Of services output generally, “…it is not exactly clear what is being transacted, what is the output and what services correspond to the payments made to their providers (Griliches, 1992). Medical care and education are services sectors where output measurement is ambiguous or difficult, both for conceptual and empirical reasons. Much recent progress has been made on methods for measuring medical care output. Far less progress is evident on education output, for reasons I will explain in section II of this paper.
In the U.S., concern for improving data on medical care output and productivity extends well beyond the national accountants. A National Academy of Sciences panel is currently reviewing measures of medical care output and accounts for medical care and for health. In the U.K. as well, concern for these topics extended outside the rarified circle of national accountants: Is there any other country where health system productivity figured in Parliamentary debate?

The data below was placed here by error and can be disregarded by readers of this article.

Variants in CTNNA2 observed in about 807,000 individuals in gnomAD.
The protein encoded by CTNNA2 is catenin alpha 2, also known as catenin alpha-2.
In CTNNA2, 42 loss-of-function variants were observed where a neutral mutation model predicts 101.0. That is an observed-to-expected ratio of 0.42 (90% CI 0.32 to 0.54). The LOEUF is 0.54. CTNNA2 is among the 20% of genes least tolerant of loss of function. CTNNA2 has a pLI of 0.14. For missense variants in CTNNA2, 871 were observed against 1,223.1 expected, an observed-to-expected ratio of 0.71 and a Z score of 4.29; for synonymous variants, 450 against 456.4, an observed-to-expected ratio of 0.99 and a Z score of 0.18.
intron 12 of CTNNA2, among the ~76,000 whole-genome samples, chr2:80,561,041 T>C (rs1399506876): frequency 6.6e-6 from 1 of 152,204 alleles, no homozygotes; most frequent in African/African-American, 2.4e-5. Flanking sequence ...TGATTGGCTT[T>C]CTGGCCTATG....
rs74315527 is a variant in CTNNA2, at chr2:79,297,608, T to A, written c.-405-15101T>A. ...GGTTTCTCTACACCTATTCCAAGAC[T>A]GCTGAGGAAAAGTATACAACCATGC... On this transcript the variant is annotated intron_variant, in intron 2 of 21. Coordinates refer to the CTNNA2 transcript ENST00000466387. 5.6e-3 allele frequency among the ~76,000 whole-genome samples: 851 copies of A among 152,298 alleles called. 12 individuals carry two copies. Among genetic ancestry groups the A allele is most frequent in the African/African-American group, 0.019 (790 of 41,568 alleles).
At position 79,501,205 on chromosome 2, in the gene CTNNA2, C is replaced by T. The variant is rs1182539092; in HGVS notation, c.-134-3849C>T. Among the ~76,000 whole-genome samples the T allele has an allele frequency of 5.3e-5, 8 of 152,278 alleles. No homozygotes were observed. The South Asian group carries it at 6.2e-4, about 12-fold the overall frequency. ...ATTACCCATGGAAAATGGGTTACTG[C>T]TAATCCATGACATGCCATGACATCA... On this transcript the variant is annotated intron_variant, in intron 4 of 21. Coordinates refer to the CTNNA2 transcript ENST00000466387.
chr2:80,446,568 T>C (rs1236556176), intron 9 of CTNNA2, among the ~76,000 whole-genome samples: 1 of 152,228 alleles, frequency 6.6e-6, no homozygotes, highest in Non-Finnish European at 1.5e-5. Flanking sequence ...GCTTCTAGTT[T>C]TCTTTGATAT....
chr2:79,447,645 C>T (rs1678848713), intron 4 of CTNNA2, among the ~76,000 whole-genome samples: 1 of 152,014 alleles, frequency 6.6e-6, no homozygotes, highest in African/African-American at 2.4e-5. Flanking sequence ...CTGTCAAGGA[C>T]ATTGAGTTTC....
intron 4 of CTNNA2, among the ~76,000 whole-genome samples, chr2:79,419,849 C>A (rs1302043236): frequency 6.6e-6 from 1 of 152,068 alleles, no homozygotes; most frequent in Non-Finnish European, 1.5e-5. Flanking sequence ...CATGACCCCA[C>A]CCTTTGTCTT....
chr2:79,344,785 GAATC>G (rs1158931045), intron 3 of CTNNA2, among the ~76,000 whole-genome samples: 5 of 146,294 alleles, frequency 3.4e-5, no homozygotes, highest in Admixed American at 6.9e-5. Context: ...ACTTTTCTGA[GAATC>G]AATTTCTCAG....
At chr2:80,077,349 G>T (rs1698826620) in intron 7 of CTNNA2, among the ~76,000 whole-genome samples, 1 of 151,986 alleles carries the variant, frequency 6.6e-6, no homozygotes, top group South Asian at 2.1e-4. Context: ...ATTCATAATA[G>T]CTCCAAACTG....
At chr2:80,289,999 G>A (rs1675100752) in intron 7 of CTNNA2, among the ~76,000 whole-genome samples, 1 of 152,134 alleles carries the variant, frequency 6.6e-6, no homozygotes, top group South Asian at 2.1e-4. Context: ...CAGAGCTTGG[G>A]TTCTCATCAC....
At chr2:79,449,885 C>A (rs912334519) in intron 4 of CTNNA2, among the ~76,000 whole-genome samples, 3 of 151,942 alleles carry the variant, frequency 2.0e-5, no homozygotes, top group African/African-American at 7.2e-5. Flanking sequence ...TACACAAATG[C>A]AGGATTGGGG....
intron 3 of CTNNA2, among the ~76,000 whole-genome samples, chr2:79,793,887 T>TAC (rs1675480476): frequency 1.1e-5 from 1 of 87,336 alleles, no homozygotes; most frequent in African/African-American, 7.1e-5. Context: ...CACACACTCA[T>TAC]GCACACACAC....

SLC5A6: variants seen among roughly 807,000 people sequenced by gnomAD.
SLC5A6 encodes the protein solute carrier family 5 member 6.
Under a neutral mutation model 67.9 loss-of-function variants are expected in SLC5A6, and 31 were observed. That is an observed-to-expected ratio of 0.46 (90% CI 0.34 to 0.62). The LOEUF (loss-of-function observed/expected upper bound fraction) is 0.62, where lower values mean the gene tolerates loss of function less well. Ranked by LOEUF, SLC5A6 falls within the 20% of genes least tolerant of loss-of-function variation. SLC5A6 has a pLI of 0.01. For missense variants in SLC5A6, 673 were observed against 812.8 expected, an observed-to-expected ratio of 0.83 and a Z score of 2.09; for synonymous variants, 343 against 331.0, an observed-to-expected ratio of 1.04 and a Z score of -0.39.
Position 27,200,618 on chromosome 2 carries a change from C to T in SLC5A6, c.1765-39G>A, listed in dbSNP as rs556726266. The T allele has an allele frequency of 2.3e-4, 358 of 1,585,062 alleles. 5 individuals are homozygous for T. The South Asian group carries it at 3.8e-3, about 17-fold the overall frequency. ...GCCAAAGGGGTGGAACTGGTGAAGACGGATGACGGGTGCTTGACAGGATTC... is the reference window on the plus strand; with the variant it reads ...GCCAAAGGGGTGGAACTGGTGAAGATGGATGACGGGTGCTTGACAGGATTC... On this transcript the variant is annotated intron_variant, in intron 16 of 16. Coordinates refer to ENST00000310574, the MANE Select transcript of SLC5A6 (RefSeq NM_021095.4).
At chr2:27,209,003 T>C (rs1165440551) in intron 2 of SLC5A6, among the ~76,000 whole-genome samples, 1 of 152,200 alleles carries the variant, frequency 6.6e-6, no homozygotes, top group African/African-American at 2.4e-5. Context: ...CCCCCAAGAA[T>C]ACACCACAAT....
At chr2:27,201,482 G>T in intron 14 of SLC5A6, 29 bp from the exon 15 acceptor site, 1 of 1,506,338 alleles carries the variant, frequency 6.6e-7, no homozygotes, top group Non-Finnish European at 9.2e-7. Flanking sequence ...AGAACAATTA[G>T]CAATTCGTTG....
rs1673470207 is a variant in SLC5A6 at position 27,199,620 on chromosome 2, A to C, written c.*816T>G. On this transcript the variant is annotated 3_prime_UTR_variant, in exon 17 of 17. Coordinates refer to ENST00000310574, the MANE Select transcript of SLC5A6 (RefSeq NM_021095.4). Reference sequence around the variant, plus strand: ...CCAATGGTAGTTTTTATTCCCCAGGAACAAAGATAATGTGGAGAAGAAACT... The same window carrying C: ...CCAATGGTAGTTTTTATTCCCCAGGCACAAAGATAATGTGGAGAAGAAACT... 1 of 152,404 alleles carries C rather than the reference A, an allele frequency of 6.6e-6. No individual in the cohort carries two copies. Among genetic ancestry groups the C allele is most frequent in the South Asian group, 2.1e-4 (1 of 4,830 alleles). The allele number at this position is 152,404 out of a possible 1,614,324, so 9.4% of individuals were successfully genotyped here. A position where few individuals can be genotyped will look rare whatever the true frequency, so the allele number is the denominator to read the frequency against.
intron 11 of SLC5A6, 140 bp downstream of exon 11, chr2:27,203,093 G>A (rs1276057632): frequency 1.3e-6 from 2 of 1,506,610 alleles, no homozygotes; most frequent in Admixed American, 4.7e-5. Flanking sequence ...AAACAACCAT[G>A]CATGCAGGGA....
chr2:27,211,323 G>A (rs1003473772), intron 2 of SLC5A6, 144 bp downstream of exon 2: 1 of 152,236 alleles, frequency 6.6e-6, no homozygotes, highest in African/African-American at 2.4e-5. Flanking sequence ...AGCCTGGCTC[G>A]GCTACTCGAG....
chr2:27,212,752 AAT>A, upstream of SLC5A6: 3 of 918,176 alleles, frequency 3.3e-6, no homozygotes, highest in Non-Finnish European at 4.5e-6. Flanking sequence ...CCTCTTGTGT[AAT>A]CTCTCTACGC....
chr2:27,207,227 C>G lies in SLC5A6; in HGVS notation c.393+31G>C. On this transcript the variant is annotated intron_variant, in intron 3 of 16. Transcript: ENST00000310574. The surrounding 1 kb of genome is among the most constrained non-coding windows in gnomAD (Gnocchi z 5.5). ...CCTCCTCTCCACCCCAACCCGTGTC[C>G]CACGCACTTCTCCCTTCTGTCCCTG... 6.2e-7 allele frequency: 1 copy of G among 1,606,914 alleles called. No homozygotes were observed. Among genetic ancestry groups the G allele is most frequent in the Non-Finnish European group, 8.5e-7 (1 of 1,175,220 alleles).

In the last section of this paper, I contend that measuring the output of medical care should be a concern, not just for the national accountants, but also for politicians and managers of health care systems: The data needed by national accountants to measure health care output appropriately are data that are also necessary for analysis and understanding of advancing health care costs and for improving health care delivery. The public policy analysis need is a more urgent one than improving the national accounts, but fortunately the two agendas coincide.